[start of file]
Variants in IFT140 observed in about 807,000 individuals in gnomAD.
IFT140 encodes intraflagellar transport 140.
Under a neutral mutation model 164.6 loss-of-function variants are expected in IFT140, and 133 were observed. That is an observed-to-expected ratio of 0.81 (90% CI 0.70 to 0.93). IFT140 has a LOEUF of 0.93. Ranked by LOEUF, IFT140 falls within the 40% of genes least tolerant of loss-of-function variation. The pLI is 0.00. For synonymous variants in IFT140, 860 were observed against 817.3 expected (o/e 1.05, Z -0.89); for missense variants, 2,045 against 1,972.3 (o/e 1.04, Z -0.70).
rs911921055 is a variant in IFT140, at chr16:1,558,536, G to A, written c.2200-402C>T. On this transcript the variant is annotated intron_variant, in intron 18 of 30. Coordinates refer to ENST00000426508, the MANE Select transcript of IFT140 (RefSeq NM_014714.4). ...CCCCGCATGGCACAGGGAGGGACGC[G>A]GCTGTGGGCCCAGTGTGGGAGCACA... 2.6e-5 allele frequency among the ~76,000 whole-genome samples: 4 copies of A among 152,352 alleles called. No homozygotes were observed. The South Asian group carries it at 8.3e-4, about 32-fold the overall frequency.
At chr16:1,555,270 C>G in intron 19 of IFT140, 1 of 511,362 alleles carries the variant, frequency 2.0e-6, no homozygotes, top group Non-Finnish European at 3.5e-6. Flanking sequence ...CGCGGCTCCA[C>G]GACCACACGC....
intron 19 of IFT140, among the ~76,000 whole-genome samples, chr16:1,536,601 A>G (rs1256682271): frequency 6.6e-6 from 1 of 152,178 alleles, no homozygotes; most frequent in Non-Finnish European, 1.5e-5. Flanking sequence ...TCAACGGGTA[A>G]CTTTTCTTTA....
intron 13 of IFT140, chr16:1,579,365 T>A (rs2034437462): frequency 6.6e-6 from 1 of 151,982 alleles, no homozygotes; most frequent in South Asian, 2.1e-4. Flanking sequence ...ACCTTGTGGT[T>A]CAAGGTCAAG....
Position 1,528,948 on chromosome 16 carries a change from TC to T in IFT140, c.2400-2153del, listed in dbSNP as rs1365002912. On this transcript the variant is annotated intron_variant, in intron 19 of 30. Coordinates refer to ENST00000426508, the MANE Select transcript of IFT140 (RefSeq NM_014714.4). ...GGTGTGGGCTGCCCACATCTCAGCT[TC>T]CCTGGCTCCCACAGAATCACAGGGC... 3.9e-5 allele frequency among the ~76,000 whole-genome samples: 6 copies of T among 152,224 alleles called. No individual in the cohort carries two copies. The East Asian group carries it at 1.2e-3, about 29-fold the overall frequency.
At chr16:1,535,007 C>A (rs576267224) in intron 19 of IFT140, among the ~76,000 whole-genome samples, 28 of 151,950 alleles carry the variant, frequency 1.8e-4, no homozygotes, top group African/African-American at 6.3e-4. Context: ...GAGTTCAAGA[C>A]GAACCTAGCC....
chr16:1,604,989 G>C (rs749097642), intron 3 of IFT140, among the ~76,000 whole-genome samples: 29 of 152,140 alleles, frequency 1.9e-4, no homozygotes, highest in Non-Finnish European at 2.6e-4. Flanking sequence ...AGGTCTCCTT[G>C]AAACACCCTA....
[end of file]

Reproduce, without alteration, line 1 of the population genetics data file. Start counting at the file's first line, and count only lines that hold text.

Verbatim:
Variants in IFT140 observed in about 807,000 individuals in gnomAD.